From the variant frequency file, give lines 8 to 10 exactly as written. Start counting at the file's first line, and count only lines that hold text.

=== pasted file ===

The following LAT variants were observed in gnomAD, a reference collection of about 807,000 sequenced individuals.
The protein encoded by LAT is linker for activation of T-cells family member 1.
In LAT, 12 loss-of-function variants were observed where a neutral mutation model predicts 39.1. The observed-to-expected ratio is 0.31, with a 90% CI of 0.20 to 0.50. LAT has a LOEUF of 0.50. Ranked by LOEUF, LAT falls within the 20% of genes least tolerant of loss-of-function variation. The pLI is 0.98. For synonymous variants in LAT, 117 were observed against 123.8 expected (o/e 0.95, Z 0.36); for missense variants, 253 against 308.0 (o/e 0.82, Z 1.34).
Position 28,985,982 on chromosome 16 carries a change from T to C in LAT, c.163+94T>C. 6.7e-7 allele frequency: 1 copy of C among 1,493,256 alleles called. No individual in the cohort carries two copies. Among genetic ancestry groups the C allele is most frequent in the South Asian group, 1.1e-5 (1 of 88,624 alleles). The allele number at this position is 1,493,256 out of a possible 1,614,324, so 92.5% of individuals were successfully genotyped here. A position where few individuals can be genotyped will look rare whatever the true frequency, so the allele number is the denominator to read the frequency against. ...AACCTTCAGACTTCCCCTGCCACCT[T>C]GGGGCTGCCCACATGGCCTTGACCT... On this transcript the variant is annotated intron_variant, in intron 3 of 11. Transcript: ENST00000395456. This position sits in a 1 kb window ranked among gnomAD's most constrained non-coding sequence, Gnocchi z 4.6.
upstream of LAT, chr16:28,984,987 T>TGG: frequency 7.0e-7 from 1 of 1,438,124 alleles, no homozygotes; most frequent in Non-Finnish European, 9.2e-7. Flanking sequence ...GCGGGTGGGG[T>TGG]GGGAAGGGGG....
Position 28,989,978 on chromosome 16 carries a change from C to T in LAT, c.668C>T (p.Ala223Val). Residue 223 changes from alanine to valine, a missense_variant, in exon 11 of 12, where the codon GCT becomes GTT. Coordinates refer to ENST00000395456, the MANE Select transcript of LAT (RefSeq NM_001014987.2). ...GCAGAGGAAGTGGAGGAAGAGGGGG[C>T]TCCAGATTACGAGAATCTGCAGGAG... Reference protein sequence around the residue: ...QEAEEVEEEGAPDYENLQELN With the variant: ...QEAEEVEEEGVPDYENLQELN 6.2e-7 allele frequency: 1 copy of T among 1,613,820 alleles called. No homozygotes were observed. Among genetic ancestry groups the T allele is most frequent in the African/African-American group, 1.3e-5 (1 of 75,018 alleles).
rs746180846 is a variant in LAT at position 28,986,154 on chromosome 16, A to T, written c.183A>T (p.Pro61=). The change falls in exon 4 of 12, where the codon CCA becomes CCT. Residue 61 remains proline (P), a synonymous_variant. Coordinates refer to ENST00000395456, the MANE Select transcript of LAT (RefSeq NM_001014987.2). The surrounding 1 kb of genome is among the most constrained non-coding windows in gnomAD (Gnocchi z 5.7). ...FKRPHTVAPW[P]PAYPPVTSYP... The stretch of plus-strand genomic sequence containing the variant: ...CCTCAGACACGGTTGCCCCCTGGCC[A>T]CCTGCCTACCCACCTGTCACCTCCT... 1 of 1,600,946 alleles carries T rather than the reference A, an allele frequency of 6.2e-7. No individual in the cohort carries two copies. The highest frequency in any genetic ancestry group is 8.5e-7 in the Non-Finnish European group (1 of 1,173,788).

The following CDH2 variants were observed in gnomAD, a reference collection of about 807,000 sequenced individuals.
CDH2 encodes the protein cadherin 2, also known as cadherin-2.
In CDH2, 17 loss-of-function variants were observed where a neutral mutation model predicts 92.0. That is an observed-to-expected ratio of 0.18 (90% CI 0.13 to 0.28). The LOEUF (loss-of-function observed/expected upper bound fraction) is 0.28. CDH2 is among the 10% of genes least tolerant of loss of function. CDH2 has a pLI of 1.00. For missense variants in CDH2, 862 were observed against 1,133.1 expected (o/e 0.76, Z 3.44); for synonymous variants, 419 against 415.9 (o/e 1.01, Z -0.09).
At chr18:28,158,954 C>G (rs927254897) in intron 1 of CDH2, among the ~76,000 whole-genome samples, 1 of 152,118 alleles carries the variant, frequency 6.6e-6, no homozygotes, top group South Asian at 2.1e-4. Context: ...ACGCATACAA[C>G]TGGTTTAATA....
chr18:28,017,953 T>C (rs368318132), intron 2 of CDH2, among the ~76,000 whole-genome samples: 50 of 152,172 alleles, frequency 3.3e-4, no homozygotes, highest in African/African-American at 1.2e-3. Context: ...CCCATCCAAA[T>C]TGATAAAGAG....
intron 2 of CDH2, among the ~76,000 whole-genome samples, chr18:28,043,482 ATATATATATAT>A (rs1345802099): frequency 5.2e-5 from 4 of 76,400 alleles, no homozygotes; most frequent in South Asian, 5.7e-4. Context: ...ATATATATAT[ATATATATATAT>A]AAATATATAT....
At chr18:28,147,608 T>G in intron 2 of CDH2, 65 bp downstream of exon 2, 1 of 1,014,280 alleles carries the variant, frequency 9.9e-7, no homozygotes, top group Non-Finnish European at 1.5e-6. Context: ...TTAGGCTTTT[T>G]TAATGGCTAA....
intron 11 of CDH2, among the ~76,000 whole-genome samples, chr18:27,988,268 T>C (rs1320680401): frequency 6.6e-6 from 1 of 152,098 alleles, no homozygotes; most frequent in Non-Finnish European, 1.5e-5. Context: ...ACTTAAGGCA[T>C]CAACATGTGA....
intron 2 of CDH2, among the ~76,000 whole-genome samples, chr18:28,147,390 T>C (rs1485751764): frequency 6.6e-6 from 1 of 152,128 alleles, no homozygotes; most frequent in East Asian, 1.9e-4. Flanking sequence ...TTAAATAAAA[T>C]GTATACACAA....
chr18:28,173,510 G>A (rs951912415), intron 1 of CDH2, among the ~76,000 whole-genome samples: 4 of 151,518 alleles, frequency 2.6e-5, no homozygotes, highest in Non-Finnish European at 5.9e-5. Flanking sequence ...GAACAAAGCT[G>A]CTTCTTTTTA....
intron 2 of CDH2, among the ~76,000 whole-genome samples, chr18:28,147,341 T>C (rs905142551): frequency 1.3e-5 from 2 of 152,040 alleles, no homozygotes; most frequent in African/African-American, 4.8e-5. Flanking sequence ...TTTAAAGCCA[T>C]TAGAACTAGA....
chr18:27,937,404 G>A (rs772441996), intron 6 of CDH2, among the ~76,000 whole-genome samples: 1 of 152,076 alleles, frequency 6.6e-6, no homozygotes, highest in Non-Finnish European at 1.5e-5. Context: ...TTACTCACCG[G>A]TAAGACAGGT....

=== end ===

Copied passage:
The following CDH2 variants were observed in gnomAD, a reference collection of about 807,000 sequenced individuals.
CDH2 encodes the protein cadherin 2, also known as cadherin-2.
In CDH2, 17 loss-of-function variants were observed where a neutral mutation model predicts 92.0. That is an observed-to-expected ratio of 0.18 (90% CI 0.13 to 0.28). The LOEUF (loss-of-function observed/expected upper bound fraction) is 0.28. CDH2 is among the 10% of genes least tolerant of loss of function. CDH2 has a pLI of 1.00. For missense variants in CDH2, 862 were observed against 1,133.1 expected (o/e 0.76, Z 3.44); for synonymous variants, 419 against 415.9 (o/e 1.01, Z -0.09).